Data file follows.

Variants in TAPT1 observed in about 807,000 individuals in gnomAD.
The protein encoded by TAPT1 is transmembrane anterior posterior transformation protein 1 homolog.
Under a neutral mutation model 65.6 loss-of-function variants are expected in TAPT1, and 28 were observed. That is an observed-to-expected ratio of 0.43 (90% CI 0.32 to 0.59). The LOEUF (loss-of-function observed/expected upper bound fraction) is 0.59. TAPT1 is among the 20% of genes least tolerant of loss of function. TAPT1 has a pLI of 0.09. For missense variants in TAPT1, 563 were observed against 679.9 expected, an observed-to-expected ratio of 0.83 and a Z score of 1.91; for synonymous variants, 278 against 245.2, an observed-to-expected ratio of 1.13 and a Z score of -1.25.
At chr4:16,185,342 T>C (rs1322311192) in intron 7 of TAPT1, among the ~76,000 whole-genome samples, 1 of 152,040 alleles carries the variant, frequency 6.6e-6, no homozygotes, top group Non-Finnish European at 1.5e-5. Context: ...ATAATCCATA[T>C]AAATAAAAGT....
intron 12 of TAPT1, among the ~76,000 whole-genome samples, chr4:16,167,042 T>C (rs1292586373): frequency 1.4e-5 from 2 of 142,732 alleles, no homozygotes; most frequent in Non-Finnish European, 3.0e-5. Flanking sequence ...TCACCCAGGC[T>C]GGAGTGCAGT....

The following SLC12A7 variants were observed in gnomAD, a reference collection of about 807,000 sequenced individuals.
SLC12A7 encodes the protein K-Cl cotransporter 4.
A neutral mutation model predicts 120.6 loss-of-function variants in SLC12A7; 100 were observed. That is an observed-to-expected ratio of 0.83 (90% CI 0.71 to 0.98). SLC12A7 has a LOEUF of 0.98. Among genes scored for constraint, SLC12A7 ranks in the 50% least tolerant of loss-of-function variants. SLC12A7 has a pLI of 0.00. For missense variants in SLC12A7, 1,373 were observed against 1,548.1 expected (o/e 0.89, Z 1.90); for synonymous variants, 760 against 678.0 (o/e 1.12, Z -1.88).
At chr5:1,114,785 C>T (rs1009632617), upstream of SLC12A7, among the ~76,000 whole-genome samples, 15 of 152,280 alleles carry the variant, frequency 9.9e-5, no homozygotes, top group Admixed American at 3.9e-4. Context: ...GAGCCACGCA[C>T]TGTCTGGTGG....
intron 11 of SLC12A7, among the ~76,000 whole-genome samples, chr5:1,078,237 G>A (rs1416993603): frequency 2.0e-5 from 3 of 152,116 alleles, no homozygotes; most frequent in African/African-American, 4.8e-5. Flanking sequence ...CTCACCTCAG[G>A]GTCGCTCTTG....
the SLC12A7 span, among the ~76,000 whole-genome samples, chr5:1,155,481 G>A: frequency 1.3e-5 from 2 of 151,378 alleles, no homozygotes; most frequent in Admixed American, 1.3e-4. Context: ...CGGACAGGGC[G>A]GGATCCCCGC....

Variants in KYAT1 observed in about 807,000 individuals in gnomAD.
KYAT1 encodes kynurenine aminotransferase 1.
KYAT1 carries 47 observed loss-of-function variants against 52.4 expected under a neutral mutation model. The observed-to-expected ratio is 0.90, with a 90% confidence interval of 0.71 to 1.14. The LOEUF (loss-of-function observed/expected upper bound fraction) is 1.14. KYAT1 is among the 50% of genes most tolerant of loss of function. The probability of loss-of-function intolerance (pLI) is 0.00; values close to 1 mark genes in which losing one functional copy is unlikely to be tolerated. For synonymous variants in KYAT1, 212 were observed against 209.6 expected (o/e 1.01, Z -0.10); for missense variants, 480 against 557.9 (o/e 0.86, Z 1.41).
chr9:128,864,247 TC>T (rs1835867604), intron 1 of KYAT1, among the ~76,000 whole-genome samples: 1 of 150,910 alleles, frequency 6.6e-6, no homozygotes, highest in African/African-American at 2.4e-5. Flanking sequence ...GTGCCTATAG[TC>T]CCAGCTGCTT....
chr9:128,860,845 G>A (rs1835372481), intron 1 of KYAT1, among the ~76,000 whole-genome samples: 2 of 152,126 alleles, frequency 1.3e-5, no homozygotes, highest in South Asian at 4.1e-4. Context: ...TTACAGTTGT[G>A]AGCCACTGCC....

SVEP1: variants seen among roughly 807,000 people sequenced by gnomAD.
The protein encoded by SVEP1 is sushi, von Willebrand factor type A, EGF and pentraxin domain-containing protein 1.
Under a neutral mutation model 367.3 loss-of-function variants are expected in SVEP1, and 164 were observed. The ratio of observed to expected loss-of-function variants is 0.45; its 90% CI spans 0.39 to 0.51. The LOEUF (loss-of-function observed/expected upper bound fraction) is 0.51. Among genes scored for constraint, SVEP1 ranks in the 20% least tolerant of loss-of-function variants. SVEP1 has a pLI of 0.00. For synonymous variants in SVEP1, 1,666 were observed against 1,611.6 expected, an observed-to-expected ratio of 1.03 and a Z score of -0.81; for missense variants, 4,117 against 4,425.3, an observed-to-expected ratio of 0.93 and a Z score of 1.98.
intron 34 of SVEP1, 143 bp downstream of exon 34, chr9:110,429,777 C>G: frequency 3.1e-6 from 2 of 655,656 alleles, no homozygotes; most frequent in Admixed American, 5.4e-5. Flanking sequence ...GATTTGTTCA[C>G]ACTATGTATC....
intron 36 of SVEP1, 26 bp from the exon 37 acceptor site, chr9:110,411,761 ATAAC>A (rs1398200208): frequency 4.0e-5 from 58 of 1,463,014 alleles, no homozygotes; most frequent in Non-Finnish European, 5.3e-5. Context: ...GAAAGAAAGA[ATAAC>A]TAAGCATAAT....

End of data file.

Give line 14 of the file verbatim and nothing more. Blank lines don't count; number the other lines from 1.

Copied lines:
KYAT1 carries 47 observed loss-of-function variants against 52.4 expected under a neutral mutation model. The observed-to-expected ratio is 0.90, with a 90% confidence interval of 0.71 to 1.14. The LOEUF (loss-of-function observed/expected upper bound fraction) is 1.14. KYAT1 is among the 50% of genes most tolerant of loss of function. The probability of loss-of-function intolerance (pLI) is 0.00; values close to 1 mark genes in which losing one functional copy is unlikely to be tolerated. For synonymous variants in KYAT1, 212 were observed against 209.6 expected (o/e 1.01, Z -0.10); for missense variants, 480 against 557.9 (o/e 0.86, Z 1.41).